From the Introduction to After Life, a poetry collection coming late 2020.
On February 15, 2020, I woke up to a nightmare. My husband of nearly seven years and father of my four-year-old daughter had died in his sleep of what amounted to a freak lightning bolt. A fluke. The fact that his passing was painless and instantaneous was meaningless at the time, though it brings me deep comfort now.
Life as I knew it ended that overcast Saturday morning as firemen, paramedics, police, medical examiners, and trauma volunteers cycled through the home we’d meant to live in forever, in a city and state we’d moved to only months before. I don’t smoke, but remember asking for a cigarette. A neighbor swept my daughter into her home, then returned to squeeze my cold hand. My husband's best friend took over at some point, and eventually held me upright so I could say goodbye to my love.
With my psyche flooded by vicious post-traumatic stress, shock, and devastation, I remember only bits and pieces of the first week. There was a shower fully-clothed. Screaming that left me hoarse for days. Nausea, sleeplessness, disorientation, and surreal bouts of slipping time. I once stared at a wall for what felt like seconds but was nearly ten minutes.
The mental fugue was like nothing I’d ever experienced. By nature I’m a methodical, critical thinker. An analyzer. I’ve considered it a shortcoming at times—my need to make sense of everything around me—but now, I was suddenly cut off from normalcy in my own head. My thoughts were sluggish, disjointed. I would forget my husband was gone, then suffer the blow of the truth over and over again.
While it may have looked like it from the outside at times, shock didn’t send my brain on vacation. My absent-mindedness was in fact super-mindedness, as my mind worked harder than it ever had before attempting to reconcile a cataclysmic change in the world as I knew it. I couldn’t make sense of it because it didn’t make sense.
While it was recommended by professionals (strongly, in several cases) that I take advantage of medication for my various grief-symptoms—insomnia, anxiety, mania, etc—as a woman of longterm sobriety, I declined. No booze, no pills, thank you very much. You might think I was nuts. Maybe I was.
How did I function?
I didn’t function. I felt.
There were certainly times I wavered. Teetered on the edge of darkness. But the reality was, even though I’d never felt so alone in my life, I wasn’t. When I fell, I was caught by my community. I didn’t have to ask for help—it was given. I ate because there was food in front of me. I showered when I was told to. A terminally skeptical adult, in my grief I became childlike, and thus rediscovered whole, perfect trust in the love and care of others.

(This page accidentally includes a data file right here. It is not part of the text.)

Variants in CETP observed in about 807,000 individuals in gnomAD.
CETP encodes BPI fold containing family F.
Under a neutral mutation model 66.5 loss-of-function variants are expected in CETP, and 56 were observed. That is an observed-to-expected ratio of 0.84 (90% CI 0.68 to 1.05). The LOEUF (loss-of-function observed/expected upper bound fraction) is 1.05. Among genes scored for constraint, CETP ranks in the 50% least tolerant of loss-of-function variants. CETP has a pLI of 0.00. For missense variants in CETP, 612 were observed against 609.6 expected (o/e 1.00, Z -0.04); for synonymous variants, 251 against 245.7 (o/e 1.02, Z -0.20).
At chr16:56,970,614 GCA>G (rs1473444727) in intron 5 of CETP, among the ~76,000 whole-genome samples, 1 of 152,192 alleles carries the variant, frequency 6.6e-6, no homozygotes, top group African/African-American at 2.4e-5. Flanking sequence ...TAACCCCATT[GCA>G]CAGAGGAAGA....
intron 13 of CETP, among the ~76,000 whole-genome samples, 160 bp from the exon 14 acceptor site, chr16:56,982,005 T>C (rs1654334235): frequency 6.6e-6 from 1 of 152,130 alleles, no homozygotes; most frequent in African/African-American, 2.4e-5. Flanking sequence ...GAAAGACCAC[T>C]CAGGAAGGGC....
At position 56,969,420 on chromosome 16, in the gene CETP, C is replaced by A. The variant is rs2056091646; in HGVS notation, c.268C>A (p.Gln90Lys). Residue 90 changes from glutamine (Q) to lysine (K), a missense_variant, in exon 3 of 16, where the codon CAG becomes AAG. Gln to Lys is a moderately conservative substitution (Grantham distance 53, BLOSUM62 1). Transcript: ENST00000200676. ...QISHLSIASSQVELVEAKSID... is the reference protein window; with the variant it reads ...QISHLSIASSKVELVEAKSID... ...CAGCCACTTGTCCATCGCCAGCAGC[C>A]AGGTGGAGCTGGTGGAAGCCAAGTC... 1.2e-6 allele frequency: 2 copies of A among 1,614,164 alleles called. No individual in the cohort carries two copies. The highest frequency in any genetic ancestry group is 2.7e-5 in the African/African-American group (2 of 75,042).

I was lucky. So incredibly lucky. A tribe of truly selfless women and men formed a tight, protective knot around me. Their love and support enabled me to emerge from my grief for longer and longer periods. They nurtured my daughter when I could not, and gave me the space I needed in order to be emotionally present for her each and every day during morning and nighttime routines.
Somehow, the first week passed. Then another. There was a thrown-together memorial at our home I only vaguely remember. The mailbox was full every day with condolence cards. More than once, I fantasized about a bonfire with them as kindling. I scrubbed floors. Vacuumed compulsively. Adopted two cats. Tore pictures off walls, then rehung them. Buried myself in his clothes and slept for hours. Took catatonic baths until the water turned cold. Regretted adopting said cats when my daughter (obviously) reneged on her initial promise to clean the litter box.
Life cranked inexorably onward. When stay-at-home orders were issued for Oregon due to COVID-19, I barely blinked. I was already isolating. Already maxed out on fear, shock, and sorrow. There was little room in my head for considering the longterm impacts of the pandemic on our global and local communities. The shape of my world was already surreal - another dollop of insanity was hardly notable.
Instead, I found an amazing grief counselor who would work with me via telephone. I read (though only partially comprehended) books on grief, the words of which melted into a single takeaway:
The process of grief is not some neat, linear map, but a convoluted, spiraling, emotional shitstorm that manifests differently for everyone. There’s no pretty map, no color-coded checklist, no resolution date. The storm is bigger than you, meaner than you, and you have no choice but to surrender to its whims in order to survive.
If you’re lucky, like me, you have a life-raft. Mine was built out of sheer stubbornness and a dash of defiance, and it’s held together by the love of others and the love I bear for my daughter. My family and friends. My tribe. Those who remind me daily that even the worst storms give way to clear skies.
There are still days I slip and begin to sink, that I swallow water as the sky darkens overhead. Days when I mourn the loss of my partner, and my daughter’s loss of a father. But I don’t fight the currents anymore. I’ve surrendered. My process is not one of healing (I find this notion absurd) but to embrace with love the tender, new version of myself who is slowly, slowly, emerging from the wreckage.
The good news is none of us have to understand grief. Only make space for it. My grief doesn’t want me to hurry up and heal, but to slow down and feel. And as I honor my own process, what I’ve discovered is something truly precious. My own beating heart, still full to brimming with love.
May 15, 2020